360degrees > Picture-Projects
The Corrections Documentary Project > Ashley Hunt
Recording Carceral Landscapes > Trevor Paglen
360degrees: Perspectives on the U.S. Criminal Justice System
Even as the crime rate is dropping, the criminal justice system continues to grow. According to the Federal Bureau of Prisons, there will be 30 new federal prisons built over the next 7 years. Throughout this unprecedented growth, there have been few opportunities for critical examination of what is working and what isn't. It is our hope that this site will challenge your perceptions about who is in prison today and why. We also hope that it will generate ideas, big and small, about how we can reduce crime and strengthen our communities without continuing this unprecedented rate of incarceration.
Over the next two years, we are continuing to work with educators and students to develop local dialogues in schools and communities. We will be partnering with radio producers and journalists across the country to tell stories about how crime and incarceration affects not just the people who are directly involved, but whole families and communities.
360 Degrees of Criminal Justice: Documentary, Method & Law / by Ashley Hunt
The Lock-Up Society / American RadioWorks
The Prison Diaries / NPR - All Things Considered
360 Degrees of Incarceration: Web Documentary Slams Home Reality of Prisons / by Francine Russo / The Village Voice
Picture Projects, a NYC-based studio founded in 1995, uses new media technologies, audio and documentary photography to examine complex social issues. Over the past ten years, the studio has become well known for its unique use of interactive narrative in both commercial and documentary work. Picture Projects produces websites and interactive installations for cultural institutions including The Women’s Museum in Dallas, Texas, The American Museum of Natural History, The Tenement Museum in New York City, and Harvard University's Schlesinger Library, and also includes clients such as IBM, National Voting Rights Institute and the Visiting Nurse Service of New York.
The studio's two most recent documentaries are 360degrees.org - Perspectives on the U.S. Criminal Justice System and The Sonic Memorial Project, an open archive and online audio installation of the history of The World Trade Center. SonicMemorial.org is the first online project to receive a Peabody Award since the category was introduced a few years ago. The site also received a Gracie Allen Award from Women in Television and Radio.
360degrees.org grew out of our concern about the growing numbers of incarcerated Americans. We spent three years researching the criminal justice system, working with advisors, and scholars, securing funding and interviewing inmates, victims and family members, judges, lawyers and corrections officers. Picture Projects built a diverse team of scholars, writers, programmers and radio producers to bring to light stories and statistics that are often overlooked. 360degrees.org was recently given the Online Journalism Award for Most Creative Use of the Medium, the Pew Center for Civic Journalism's Batten Award for Innovation, the Silver Gavel Award from the American Bar Association, and a Webby Award for Net.art.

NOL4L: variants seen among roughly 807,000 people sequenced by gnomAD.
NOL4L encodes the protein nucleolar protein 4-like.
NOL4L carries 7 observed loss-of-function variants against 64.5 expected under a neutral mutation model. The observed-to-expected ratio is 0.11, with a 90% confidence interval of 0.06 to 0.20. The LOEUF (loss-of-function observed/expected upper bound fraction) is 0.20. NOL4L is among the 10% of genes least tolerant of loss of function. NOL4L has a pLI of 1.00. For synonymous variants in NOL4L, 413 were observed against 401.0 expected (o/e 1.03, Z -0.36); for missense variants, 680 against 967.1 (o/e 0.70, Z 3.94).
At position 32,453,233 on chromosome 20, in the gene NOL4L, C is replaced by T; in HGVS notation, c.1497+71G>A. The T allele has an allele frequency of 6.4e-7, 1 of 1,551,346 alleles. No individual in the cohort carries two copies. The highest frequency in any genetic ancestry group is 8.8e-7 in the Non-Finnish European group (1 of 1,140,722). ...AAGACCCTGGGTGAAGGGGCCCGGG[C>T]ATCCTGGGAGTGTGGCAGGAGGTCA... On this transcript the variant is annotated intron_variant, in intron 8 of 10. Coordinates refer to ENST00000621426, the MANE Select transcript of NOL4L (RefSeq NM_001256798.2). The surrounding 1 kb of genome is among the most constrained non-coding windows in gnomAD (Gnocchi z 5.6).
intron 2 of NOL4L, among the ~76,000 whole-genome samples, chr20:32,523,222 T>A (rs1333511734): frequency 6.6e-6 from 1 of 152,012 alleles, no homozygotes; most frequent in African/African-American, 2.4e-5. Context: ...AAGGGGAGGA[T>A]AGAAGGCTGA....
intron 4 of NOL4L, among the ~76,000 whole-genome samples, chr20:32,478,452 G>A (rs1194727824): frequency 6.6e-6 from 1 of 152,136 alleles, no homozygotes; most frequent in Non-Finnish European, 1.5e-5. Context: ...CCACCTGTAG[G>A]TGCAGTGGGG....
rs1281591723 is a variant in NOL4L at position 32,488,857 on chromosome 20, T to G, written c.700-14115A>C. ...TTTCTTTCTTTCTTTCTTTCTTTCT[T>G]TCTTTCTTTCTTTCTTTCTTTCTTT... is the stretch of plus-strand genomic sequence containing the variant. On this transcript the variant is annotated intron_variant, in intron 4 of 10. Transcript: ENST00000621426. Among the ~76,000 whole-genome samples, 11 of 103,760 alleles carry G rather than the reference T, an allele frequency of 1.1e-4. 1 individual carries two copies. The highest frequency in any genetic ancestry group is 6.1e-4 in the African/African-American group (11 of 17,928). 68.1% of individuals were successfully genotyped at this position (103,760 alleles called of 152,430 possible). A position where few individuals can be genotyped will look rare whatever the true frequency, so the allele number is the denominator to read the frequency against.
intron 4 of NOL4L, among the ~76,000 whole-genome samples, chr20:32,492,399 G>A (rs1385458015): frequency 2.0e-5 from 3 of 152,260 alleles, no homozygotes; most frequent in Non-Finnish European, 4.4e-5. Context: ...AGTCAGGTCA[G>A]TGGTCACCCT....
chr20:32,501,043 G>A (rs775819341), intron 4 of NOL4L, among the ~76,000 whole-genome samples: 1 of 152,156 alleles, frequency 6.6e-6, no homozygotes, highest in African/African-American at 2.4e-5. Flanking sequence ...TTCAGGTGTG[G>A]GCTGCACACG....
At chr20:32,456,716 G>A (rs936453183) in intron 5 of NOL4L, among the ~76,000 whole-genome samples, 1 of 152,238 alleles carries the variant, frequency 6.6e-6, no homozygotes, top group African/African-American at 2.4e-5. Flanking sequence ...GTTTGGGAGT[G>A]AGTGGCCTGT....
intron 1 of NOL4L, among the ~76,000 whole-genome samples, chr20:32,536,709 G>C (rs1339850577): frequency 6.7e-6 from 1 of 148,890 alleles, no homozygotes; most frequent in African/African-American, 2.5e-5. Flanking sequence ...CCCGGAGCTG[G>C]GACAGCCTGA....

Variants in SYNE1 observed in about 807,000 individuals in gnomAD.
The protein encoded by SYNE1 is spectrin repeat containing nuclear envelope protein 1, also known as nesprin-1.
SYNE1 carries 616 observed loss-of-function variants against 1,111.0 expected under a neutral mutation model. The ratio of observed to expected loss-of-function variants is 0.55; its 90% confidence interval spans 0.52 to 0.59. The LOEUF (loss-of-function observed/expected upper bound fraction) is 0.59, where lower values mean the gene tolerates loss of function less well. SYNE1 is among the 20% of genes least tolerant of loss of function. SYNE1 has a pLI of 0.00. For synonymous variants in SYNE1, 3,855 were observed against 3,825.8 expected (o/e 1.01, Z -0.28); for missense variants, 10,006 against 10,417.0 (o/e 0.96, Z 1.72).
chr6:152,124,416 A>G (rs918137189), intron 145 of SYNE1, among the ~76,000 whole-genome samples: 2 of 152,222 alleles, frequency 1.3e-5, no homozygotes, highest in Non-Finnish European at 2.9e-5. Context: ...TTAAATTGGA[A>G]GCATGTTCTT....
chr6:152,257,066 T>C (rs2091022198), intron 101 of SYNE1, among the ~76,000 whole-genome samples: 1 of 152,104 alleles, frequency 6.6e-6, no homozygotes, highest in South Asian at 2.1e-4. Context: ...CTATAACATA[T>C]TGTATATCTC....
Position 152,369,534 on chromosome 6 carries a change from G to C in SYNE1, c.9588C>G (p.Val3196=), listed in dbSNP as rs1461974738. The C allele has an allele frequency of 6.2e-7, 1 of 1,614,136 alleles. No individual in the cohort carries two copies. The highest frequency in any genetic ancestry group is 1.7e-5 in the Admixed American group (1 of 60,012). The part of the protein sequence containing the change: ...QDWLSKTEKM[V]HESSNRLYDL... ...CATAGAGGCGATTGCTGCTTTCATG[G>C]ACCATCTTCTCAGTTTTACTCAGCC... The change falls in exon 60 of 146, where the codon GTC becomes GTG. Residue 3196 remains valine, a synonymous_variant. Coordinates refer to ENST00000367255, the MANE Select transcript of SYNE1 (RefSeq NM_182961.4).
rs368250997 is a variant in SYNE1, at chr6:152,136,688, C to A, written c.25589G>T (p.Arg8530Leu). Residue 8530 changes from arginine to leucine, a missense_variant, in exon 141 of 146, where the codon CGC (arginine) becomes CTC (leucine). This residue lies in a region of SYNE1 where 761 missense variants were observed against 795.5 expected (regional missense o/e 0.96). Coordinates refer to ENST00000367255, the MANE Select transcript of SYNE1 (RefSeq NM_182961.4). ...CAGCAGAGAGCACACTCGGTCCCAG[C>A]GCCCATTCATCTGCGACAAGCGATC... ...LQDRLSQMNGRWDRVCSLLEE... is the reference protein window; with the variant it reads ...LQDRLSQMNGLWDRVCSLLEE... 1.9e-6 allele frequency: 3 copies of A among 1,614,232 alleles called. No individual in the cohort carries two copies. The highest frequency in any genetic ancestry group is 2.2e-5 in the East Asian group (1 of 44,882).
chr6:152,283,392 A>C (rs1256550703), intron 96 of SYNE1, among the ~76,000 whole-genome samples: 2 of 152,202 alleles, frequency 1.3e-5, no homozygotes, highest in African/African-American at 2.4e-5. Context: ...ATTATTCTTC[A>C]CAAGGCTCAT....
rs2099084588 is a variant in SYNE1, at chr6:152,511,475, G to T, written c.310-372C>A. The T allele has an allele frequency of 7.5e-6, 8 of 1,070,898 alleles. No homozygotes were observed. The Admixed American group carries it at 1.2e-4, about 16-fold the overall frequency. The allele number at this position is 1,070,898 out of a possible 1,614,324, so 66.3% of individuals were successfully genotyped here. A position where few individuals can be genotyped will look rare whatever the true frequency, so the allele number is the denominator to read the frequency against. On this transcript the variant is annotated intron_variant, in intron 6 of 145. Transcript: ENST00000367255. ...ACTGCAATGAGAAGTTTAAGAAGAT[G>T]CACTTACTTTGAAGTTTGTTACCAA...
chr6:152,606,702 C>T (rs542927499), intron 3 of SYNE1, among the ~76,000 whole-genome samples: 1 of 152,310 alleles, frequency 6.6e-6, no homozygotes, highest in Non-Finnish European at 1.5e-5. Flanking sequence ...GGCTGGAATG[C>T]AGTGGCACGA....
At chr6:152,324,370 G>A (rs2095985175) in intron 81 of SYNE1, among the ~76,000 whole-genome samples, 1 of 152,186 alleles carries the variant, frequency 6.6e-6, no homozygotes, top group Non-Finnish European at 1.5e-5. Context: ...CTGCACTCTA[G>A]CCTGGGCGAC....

In our current projects, we continue to weave new technologies — wireless, broadband, satellite — and smart design into an ongoing exploration of our social fabric through first-person stories, dynamic data and dialogue. Our projects include: The Sonic Memorial Project with National Public Radio; Enterprising Women: 250 Years of American Business, a museum installation and website for a traveling exhibition developed for the Schlesinger Library at Harvard University; RaceTalks, a website in collaboration with law professors Lani Guinier and Susan Sturm who are working to create spaces for experimentation, learning, and problem solving around issues of race, gender, social justice and social change; Tactical Media, a website for the NYU Center for Media Culture and History that explores how new media technologies are strategically used to further or change contemporary social issues; Toldot, an online Jewish Museum for kids; A redesign for the architectural firm VSBA; Six Months, a website accompanying the WNYC Public Radio series on New York City, six months after September 11, 2001; The Tenement Museum's Virtual Tour; and Conversations with History, a website for UC Berkeley that features unedited interviews with distinguished men and women from all over the world.